What are Processing Options for Fulfillment?
(Doc ID 2484686.1)
Last updated on JANUARY 24, 2020
Applies to:PeopleSoft Enterprise SCM Inventory - Version 9.2 and later
Information in this document applies to any platform.
What are Processing Options for Fulfillment?
The processing options are to group fulfillment processing into smaller processing blocks as to not over burden a DB with a single larger number of commits.
Setting Up the Fulfillment Engine Processing Options
Enter the number of lines that can be processed together by the fulfillment engine; in other words, define the size of the processing group. The processing count is used to tune an inventory environment that is running into database contention issues. A processing group should be defined to be smaller than the large fulfillment transaction requests of your environment. If the Processing Count field is blank or zero, then all the data identified by the transaction request is included in one processing group.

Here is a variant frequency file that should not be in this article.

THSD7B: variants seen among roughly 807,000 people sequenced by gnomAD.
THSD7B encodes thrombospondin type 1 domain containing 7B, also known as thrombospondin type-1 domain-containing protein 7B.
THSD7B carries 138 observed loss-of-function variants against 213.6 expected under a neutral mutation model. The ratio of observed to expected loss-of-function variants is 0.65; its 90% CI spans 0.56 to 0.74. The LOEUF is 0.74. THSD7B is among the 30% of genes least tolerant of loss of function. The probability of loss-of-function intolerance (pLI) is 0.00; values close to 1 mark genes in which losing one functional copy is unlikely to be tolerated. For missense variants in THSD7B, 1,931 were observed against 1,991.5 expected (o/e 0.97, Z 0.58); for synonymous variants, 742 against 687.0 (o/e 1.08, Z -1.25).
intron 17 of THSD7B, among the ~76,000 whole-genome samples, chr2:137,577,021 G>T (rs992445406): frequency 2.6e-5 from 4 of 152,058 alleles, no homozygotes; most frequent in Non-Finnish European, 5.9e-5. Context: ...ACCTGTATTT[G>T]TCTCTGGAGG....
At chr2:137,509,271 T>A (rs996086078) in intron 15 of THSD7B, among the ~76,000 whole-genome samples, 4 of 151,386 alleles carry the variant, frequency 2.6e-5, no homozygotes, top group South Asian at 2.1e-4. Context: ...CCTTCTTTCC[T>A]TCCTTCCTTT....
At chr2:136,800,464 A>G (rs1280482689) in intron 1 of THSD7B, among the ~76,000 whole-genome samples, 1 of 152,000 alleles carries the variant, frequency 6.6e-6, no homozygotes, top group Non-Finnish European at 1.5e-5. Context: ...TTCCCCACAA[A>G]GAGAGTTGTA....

A processing group breaks up the request into smaller chunks for processing, consequently reducing table locks and contention issues. For example, with a processing count of 500, the system processes rows in groups of 500. If the transaction request includes 1,050 rows of data, the system process the data in 3 processing groups, 2 groups of 500 rows, and 1 group of 50 rows at the end of the process.
Note: If the fulfillment engine receives a commit count greater than the specified processing count and the processing level is the same as the commit level, then the processing count is set to the commit count. Also, if the pass through level field is greater than the value specified in the Processing Level field, then the processing group is expanded to include all data at the pass through level.
Determines how the system counts rows to reach the number entered in the Processing Count field. For example, with a processing count of 500 and a processing level of Order, the process would create a processing group per every 500 order numbers. You can create processing groups based on: